Do you have frequent dizzy spells? Does the room feel like it’s spinning? Then you may suffer from vertigo – a debilitating (and sometimes chronic) condition that affects as many as 1.5 million Canadians to-date.

While vertigo itself is a bit of a mystery (which oftentimes makes it a difficult condition to diagnose), what we do know is that the dizziness associated with vertigo is the result of improper function of the peripheral vestibular system (including structures of the inner ear) or the central vestibular system (including the brainstem, cerebellum, and vestibular nerve.) It can also be caused by a wide range of other medical conditions including but not limited to certain viruses, head injury, stroke, tumours, migraines, genetic conditions, or autoimmune diseases. If you are a sound engineer, have been in the military, or play contact sports (such as football or hockey) then you are at an increased risk of developing chronic vertigo as a result of vestibular concussions. In an interview with CBC, Chris Hadfield, Canadian astronaut and author, also said that life back on earth had proven to be somewhat challenging, having experienced motion disturbances and dizziness for some time after turning from the International Space Station.

One of the most common reasons why vertigo is so difficult to diagnose is due to the range in which the symptoms can vary from person to person. For example, a symptom or symptoms that one individual with vertigo experiences will most likely not be the same symptom or symptoms that another person will experience. The most common symptom of vertigo, as mentioned, is dizziness. You may also develop loss of balance, nausea, a headache, ringing in the ears, sweating, as well as abnormal eye movements. These symptoms can last anywhere from a few minutes to a few hours and may even come and go throughout the day. The best thing to do if you experience any of these symptoms is to rest, but also make sure you book an appointment with your family doctor or go to the nearest available walk-in clinic – especially if the symptoms are persistent and recurring.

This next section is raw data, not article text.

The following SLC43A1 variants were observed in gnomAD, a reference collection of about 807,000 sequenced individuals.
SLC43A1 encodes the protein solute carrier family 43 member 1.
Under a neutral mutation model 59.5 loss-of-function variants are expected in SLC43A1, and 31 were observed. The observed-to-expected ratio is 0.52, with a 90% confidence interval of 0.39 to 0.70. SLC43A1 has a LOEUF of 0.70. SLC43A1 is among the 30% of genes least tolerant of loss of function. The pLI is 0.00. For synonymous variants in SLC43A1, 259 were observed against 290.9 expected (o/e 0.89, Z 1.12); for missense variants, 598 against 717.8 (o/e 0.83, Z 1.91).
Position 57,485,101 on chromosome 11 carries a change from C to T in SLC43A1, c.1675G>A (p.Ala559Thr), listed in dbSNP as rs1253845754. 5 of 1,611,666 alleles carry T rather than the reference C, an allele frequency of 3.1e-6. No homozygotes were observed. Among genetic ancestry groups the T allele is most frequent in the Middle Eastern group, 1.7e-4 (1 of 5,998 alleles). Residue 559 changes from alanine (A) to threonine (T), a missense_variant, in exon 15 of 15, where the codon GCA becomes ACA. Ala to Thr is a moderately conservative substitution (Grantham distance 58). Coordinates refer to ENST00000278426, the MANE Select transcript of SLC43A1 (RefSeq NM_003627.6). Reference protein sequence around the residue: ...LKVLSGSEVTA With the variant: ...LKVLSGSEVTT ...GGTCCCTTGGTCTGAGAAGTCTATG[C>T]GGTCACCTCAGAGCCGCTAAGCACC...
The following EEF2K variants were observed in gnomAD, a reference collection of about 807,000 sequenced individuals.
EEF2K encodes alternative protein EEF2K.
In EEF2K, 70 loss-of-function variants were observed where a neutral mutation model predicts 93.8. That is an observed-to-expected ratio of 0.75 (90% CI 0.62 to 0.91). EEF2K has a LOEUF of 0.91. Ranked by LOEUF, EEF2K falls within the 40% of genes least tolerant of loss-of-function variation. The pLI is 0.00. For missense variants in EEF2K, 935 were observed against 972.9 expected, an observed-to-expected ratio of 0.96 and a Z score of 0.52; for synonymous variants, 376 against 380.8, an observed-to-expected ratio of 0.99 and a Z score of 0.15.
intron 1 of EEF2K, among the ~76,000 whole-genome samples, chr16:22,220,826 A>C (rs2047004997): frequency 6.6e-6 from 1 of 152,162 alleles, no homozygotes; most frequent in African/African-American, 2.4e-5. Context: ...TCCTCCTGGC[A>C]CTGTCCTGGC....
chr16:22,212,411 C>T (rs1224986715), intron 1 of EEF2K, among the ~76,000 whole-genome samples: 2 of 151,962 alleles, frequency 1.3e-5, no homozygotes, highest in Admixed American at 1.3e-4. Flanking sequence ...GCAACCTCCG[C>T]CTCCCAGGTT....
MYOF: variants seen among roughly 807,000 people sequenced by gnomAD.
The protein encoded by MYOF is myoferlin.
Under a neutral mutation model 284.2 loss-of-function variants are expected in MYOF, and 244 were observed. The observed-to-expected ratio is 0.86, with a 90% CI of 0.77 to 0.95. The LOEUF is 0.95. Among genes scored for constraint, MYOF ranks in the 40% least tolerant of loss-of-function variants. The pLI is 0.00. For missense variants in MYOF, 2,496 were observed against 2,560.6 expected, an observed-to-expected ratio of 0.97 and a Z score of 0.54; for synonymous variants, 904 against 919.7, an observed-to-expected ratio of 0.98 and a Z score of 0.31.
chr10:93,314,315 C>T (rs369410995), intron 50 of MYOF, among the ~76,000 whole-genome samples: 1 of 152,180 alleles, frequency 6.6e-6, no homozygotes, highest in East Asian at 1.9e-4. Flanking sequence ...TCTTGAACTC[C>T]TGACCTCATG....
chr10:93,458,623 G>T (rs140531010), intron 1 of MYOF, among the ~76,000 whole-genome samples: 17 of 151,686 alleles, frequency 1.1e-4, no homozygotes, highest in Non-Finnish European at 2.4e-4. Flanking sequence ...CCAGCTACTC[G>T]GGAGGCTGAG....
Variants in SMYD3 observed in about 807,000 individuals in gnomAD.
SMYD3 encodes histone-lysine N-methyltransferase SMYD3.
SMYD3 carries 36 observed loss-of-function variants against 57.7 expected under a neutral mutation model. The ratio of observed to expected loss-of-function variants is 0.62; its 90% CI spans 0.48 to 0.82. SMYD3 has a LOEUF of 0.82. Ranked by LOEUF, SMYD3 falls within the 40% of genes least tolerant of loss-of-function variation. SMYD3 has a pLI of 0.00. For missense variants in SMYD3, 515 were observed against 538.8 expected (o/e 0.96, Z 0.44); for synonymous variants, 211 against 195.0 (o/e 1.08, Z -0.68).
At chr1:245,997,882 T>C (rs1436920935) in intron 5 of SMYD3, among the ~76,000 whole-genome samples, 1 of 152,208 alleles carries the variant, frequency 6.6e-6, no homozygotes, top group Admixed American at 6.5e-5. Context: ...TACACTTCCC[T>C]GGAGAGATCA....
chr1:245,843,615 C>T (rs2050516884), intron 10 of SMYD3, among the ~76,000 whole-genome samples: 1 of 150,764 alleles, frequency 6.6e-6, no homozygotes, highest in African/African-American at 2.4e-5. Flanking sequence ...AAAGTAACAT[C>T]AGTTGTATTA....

Treatment for vertigo all depends on what’s causing it. However, most cases of vertigo will go away on their own. If the vertigo is caused by an infection or inflammation, medication (such as antibiotics and NSAIDs) will be prescribed to help relieve symptoms. Treatment may also include vestibular rehabilitation – a type of physical therapy that helps strengthen the vestibular system, as well as something known as canalith repositioning maneuvers which is done through a series of very specific head and body movements. If vertigo is caused by a serious underlying medical condition, like a brain injury or tumour, getting treatment for those issues may also alleviate the symptoms associated with vertigo. In rare cases, patients with vertigo may also require surgery. Though, as with many medical conditions, surgery is always done as a last-resort option and when all other treatment attempts have been unsuccessful.

Aside from vertigo, there are other medical conditions that may cause dizziness, including but not limited to severe ear infections, age-related imbalance, and motion sickness. It’s also not uncommon to develop dizziness as a result of having the flu. For more information, visit BC Balance and Dizziness at